In recent years, Catalyst has made efforts to significantly strengthen and leverage its SAP alliance and extend offerings to a wider swath of the enormous SAP customer base. The two firms have set a new standard for integration by jointly developing the SAP advanced interface for integrating the Catalyst WMS and SAP's LES with R/3 and mySAP Enterprise. Under the alliance with SAP, Catalyst deploys its service organization to implement and provide support for customer and TeamSAP partner requests, including a support hot line, implementation services, and on-site support for SAP LES in North America. Following its mid 2003 acquisition of Philadelphia, Pennsylvania, US-based Catalyst Consulting Services, Inc., an independent provider of consulting, implementation, and support services for SAP LES, Catalyst strengthened its position as a principal service provider for implementation and modification of SAP's LES as well as for wireless data collection solutions that incorporate SAPConsole.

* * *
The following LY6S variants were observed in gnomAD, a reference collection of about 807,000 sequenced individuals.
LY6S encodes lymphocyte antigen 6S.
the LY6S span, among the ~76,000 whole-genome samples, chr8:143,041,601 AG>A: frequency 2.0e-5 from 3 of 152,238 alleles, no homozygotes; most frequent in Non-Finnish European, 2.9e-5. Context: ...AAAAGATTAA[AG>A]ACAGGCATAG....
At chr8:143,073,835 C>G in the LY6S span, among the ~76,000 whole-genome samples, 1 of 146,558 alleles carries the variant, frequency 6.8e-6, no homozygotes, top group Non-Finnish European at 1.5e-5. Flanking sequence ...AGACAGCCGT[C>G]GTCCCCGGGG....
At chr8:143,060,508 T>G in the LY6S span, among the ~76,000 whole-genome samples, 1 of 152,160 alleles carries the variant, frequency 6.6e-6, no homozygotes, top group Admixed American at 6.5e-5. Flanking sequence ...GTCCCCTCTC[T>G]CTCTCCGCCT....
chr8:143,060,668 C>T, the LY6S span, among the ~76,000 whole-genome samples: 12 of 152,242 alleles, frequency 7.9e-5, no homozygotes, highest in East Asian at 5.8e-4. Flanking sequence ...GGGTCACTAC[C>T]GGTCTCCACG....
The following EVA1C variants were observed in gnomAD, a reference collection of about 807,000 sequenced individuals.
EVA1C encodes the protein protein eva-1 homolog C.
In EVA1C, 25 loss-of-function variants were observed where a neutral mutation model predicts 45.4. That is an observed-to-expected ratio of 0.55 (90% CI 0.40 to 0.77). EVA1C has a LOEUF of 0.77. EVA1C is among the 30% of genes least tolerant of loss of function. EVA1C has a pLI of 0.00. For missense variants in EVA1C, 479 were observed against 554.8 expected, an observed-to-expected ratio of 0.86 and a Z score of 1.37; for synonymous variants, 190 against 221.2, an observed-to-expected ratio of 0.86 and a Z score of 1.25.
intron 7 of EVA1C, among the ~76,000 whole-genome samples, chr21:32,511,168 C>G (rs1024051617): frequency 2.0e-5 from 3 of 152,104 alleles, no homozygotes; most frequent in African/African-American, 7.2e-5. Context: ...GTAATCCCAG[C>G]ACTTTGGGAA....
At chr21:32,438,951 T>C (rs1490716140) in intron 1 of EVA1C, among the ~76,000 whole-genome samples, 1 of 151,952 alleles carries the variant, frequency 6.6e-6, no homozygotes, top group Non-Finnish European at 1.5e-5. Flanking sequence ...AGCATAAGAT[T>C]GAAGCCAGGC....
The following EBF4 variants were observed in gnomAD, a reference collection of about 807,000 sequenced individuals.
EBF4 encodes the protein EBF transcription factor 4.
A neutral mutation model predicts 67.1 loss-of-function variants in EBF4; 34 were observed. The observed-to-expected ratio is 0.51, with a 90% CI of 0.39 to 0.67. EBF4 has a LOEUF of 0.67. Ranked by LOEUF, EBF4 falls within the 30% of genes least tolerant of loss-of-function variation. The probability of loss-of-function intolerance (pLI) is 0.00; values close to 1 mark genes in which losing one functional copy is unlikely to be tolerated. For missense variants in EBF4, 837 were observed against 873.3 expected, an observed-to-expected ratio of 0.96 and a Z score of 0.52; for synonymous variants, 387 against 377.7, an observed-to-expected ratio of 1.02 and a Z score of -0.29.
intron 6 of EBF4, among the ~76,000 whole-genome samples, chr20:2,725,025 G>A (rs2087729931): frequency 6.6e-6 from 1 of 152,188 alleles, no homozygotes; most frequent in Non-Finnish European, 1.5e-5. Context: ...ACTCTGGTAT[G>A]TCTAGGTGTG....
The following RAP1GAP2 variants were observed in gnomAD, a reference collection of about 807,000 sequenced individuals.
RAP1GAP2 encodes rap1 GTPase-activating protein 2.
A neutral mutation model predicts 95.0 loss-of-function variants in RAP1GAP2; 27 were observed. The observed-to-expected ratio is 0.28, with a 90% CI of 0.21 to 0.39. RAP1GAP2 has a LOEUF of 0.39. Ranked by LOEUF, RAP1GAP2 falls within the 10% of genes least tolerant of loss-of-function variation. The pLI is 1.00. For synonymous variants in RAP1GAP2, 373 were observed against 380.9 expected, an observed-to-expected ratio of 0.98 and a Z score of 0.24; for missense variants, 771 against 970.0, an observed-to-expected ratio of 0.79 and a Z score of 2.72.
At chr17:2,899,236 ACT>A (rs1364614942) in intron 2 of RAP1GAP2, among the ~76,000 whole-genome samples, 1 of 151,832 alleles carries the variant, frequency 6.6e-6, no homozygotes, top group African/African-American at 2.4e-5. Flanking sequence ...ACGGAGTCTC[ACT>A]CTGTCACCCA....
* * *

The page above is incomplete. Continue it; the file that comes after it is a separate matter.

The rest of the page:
This concludes Part One of a four-part note.

Part Two will discuss the current strategy.

Part Three will cover Catalyst and SAP.

Part Four will provide market analysis, challenges, and user recommendations.

Part Three and Four will be published October 28 to 29.